We had funky brow tines. The G1 are brow tines.
G1s, that’s what it is. You’ll see the eight-point that I dropped, it had huge G1s. Astronomical some would say in respect to the area and I’m like, “Is that it’s brother maybe? Maybe it’s his twin?” They outsize the rack almost. It looked weird. They were weird laid out for what the other deer in the area looked like. The people in the area, they had in there the whole life and the population of deer there. If they see an ugly deer or they see something that’s messed up with it, it’s rack and whatever, they’ll always tell the club owners, “Can we follow different rules? We don’t shoot anything under six points and various lengths but those can give you $100 as the first person to drop that buck. Because I don’t want to see his face staying in my herd.” I might’ve got some money if I dropped that buck.Be yourself and don’t sell yourself short. Click To Tweet
That’s interesting and I knew Caribou leave scent. There’s no question because I’ve watched Caribou come in and they follow the herd. Why would they follow that herd? Because of a trail maybe. I can’t remember the guy’s name that hunted up there, but he told me about how Caribou will secrete something out of their hooves. The other Caribou following will come right along on them.
Back at camp, we don’t hunt together but we were all in the camp and we even talked about it. Some of the other hunters brought that up too. Maybe I’m wrong, maybe I’m right either way. I was lucky that day. He’s little tail in with a bit on my wall. I had him. I was literally going to flip my safety off when he spooked. I already had it in my head.
Do you want to share something about the International Huntress? What’s that all about?
It is based on women building women. It doesn’t matter if you’ve never harvest, if you started hunting months ago. It doesn’t matter if you’ve been hunting your whole life. The basis of it is if you want it, you have a chance to be one of four ladies who will get to make a trip to Namibia, Africa and be a part of a team of ladies representing dedicated women who hunt. It’s easy to apply. Tell them why you love to hunt, send them a video, pictures and if you ever watched Extreme Huntress. If you know who that is, you know what this means. It means amazing things. I know for me, I could never afford to go to Africa and hunt, but we’re not talking elephants and lions and animals like that. That’s not something that I personally could see myself going for.
We’re talking warthogs and things. It’s a completely free hunt. It’s nearly $10,000, a seven-day free trip that you can be a part of. You can look it up on InternationalHuntress.com. Ladies don’t miss opportunities to apply. I’m super stoked. Some of the ladies that are semi-finalist, I’m like, “I’m your fan.” If I get to make this trip, I’m probably going to need a couple of hours to meet these other ladies that are amazing. Don’t miss out. You do not have to be a lifelong hunter. Be yourself and don’t sell yourself short. Don’t worry, don’t underestimate yourself. Best of all, don’t second guess yourself. If you need any help, you need more information, send me an email.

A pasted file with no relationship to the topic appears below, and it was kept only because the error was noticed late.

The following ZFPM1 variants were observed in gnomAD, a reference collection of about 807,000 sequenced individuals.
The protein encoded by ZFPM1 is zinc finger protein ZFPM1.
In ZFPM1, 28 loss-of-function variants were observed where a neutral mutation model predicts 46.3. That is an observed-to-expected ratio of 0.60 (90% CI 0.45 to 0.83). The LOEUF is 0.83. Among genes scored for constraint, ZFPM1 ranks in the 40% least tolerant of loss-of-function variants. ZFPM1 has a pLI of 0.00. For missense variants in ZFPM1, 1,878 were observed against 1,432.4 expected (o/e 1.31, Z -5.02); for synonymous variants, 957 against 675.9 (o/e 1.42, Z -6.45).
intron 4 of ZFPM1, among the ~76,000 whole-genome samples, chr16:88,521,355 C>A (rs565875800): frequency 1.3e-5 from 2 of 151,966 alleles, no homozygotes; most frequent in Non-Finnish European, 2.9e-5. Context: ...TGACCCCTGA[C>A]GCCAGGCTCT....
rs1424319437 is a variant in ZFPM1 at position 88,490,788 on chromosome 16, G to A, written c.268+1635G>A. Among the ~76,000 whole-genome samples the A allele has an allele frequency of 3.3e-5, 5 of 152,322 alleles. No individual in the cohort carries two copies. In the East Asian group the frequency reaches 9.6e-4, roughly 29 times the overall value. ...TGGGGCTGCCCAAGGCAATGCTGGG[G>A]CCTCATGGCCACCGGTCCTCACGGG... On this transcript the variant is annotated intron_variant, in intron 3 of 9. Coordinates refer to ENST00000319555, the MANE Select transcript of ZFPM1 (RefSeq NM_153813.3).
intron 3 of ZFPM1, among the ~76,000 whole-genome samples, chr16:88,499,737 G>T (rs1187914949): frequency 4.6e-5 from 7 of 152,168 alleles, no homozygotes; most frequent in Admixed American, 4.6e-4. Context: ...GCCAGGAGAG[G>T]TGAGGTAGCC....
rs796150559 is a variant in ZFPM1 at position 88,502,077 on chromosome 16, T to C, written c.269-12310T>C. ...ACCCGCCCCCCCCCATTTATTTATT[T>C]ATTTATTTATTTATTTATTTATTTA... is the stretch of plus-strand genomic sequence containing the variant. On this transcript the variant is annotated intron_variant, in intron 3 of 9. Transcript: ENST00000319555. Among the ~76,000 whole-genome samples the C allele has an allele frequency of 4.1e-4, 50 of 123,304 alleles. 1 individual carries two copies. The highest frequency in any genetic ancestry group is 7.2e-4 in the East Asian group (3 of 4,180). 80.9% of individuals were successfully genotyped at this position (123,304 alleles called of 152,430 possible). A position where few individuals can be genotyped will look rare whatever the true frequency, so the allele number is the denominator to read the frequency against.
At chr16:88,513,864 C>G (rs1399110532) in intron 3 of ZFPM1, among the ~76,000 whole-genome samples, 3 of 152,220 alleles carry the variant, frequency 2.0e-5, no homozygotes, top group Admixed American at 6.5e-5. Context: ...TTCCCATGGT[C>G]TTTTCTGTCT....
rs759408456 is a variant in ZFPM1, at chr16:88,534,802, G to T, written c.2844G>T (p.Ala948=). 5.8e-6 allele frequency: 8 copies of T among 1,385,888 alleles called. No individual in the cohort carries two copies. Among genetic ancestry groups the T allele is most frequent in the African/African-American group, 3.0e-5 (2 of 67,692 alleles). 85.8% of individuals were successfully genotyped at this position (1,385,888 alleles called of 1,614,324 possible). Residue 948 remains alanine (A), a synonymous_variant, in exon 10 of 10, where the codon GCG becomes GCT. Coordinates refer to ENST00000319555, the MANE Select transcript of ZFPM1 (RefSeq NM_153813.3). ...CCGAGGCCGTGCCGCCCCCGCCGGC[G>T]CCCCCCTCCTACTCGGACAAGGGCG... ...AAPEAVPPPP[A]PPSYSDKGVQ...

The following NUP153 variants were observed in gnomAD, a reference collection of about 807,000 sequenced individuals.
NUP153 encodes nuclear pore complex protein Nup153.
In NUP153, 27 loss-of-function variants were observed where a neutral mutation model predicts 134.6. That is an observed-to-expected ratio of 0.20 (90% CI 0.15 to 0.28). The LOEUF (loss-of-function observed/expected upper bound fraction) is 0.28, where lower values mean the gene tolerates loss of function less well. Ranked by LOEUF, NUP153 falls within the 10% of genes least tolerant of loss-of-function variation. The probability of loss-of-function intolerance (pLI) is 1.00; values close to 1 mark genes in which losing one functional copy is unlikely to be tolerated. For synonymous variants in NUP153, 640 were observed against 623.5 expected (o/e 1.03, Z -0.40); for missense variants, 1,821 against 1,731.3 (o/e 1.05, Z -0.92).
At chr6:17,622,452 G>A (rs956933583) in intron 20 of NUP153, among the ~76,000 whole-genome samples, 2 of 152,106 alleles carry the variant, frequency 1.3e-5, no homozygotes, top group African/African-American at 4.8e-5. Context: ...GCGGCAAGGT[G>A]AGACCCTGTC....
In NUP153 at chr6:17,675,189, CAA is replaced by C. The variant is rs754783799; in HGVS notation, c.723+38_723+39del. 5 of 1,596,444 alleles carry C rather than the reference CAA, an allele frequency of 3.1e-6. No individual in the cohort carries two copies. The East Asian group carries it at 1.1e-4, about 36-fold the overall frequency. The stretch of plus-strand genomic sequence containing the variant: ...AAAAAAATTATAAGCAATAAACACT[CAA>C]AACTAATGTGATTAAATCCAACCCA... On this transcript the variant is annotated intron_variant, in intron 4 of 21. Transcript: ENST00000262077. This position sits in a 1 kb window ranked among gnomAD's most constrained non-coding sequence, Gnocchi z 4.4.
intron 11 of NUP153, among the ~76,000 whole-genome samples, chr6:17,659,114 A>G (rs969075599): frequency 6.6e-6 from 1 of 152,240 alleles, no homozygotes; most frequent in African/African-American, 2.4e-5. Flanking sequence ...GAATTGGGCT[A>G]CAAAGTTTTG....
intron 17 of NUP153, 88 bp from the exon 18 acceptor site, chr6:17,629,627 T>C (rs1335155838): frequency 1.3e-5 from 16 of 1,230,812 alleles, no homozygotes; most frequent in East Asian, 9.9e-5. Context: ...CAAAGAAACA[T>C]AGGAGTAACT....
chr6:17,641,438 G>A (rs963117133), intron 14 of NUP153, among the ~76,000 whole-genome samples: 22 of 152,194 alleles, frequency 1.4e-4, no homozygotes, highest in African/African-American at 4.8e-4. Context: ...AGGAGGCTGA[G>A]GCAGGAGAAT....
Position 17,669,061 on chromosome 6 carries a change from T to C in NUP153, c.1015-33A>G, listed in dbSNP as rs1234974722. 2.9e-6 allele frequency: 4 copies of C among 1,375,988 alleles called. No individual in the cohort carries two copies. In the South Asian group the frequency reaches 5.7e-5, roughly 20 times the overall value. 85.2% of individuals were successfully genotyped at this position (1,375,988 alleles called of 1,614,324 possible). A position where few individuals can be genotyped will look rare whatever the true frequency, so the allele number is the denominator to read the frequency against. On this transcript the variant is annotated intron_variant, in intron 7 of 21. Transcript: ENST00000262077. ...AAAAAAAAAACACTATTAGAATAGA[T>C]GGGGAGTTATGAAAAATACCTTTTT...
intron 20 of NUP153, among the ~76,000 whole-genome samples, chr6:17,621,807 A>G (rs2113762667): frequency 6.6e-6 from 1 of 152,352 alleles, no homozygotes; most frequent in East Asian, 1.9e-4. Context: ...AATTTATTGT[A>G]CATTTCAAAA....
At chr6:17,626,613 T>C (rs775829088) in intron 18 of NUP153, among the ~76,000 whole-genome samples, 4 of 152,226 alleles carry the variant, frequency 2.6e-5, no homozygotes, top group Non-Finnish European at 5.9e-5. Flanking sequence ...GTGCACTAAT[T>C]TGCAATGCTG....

How do people get a hold of you on social media with Beauty & Her Bow and then this International Huntress?
First and foremost, any and everything involved in my world will be found on my blog. My blog is HerHumbleHunt.com. You can mail me at Bianca@HerHumbleHunt.com. You can do it directly through the website. You can subscribe to my monthly newsletter. If you have story, tips and trick or how-to, you can submit an original piece in my blog site and be featured also. On social media, my Facebook is www.Facebook.com/herhumblehunt. On Instagram, it is @HerHumble_Hunt. I don’t have a Twitter. I barely have time to keep up with other things. I love to communicate, so get in touch. If you have any questions, anything that we went over, Beauty & Her Bow, there’s a post about that and the development of that foundation will be updated on the site as well as in the monthly newsletter.
It’s been such a joy to catch up with Bianca Jane and find out what the heck’s going on in her life. I watch American Idol, I see these young kids and see their first edition then you see them go through the steps and all of a sudden, they’re going toe-to-toe and singing a duet with some iconic people. They’re sixteen, seventeen, eighteen years old. That comes from confidence. The biggest thing and the biggest change I’ve seen in Bianca Jane is simply the confidence and the voice that she has given. Because she has a voice, she has a place. You’re in for an amazing ride. It’s a beautiful thing to watch. I had a friend that said, “It’s a beautiful thing.” It truly is and I tip my hat to you, lady.
Thank you. I was thrilled to get back to chat with you. I have so many things that I want to talk to you about. Thanks to you, you were a part from the beginning and you were on the first day. Enjoy it. It’s not about killing, it’s about hunting. Thank you for that.
Thanks, so much for spending your time and enriching all our lives and everybody that read the Beauty & Her Bow.